When to Plant Tomatoes and Peppers in DenverMay 29, 2019
When is it safe to plant tomato and pepper plants in the Denver area?
It happens every year… columns of display racks crammed full of vibrant, green, tomato and pepper starts show up in the big box stores just begging to be planted in that vacant bed. A string of seventy degree days, no more than ten days into April, affirms to customers that spring has officially arrived in Denver. Happy couples peruse the various tomato and pepper varieties searching for their perennial favorites; Jalapeno, Beefsteak, Sun Gold. Some gardeners even have foresight enough to whip out their Iphone and scroll through the extended forecast. Not a freezing temperature in sight. Green light means go!
An excited couple carefully select their plants; two Beefsteaks, three Jalapenos, and happily hand over twenty-five dollars to the big-box, twenty-something, cashier. They race home, head immediately to the backyard, and plant their newest acquisitions in the sunniest spot in their garden. Two weeks later and the plants are looking fantastic; perky, acclimated, happy. Congratulations, you have officially got an early jump on the gardening season…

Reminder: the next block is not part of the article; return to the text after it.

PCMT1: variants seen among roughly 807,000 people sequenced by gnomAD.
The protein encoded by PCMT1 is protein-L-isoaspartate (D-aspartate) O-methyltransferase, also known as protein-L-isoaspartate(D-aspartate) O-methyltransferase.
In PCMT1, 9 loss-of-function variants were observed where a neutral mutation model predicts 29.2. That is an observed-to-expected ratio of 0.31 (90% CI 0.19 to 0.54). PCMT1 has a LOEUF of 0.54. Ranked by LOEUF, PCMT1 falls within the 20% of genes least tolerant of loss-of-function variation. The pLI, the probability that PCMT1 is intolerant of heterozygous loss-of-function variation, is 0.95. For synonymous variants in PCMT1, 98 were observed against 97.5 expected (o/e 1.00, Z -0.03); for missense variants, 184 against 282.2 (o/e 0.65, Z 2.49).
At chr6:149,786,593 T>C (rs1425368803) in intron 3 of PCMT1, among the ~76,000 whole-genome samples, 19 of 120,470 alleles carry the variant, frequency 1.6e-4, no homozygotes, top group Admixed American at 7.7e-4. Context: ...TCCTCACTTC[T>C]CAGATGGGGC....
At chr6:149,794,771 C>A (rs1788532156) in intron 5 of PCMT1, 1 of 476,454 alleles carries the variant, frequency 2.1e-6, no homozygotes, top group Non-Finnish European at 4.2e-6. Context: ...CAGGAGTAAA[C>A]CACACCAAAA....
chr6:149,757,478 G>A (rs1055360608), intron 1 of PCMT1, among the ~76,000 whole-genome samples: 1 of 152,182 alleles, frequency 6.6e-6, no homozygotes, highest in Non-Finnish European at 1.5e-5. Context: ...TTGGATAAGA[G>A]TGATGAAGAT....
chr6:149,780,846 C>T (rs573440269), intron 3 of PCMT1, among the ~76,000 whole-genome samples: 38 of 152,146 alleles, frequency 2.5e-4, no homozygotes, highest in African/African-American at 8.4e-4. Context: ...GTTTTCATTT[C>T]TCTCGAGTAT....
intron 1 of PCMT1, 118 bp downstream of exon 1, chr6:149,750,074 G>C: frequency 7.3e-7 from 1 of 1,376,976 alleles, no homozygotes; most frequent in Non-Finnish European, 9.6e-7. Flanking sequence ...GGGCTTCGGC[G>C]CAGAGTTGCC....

… Until a bomb cyclone, packing fifty mile an hour winds and freezing temperatures, drops a foot of branch busting snow on the metro area. Welcome to spring time in the Mile High City!
What can you do, Denver’s weather is, well, unpredictable. The real question isn’t “what can you do?” but, “when should you do it?”
The unofficial planting date for tender annuals along Denver’s Front Range is Mother’s Day (usually between May 7th and May 12th). If you’ve lived in Denver for any length of time, then you know, the above image could be a shot taken from Mother’s Day or later (May 21, 2019 for example).
The best time to plant your heirloom tomato and pepper plants in the Denver area is…
When night time temperatures hover around the 50 degree mark. Anything below mid 40s and your tomato and pepper starts will just sit in the ground in suspended animation. Why risk it? Consider planting your peppers and tomatoes closer to Memorial Day. If the temperatures are right they will take off, easily catching up to plants put in the ground weeks before. Waiting a few weeks can make all the difference. For recommended heirloom tomato planting read my post on trenching your tomatoes.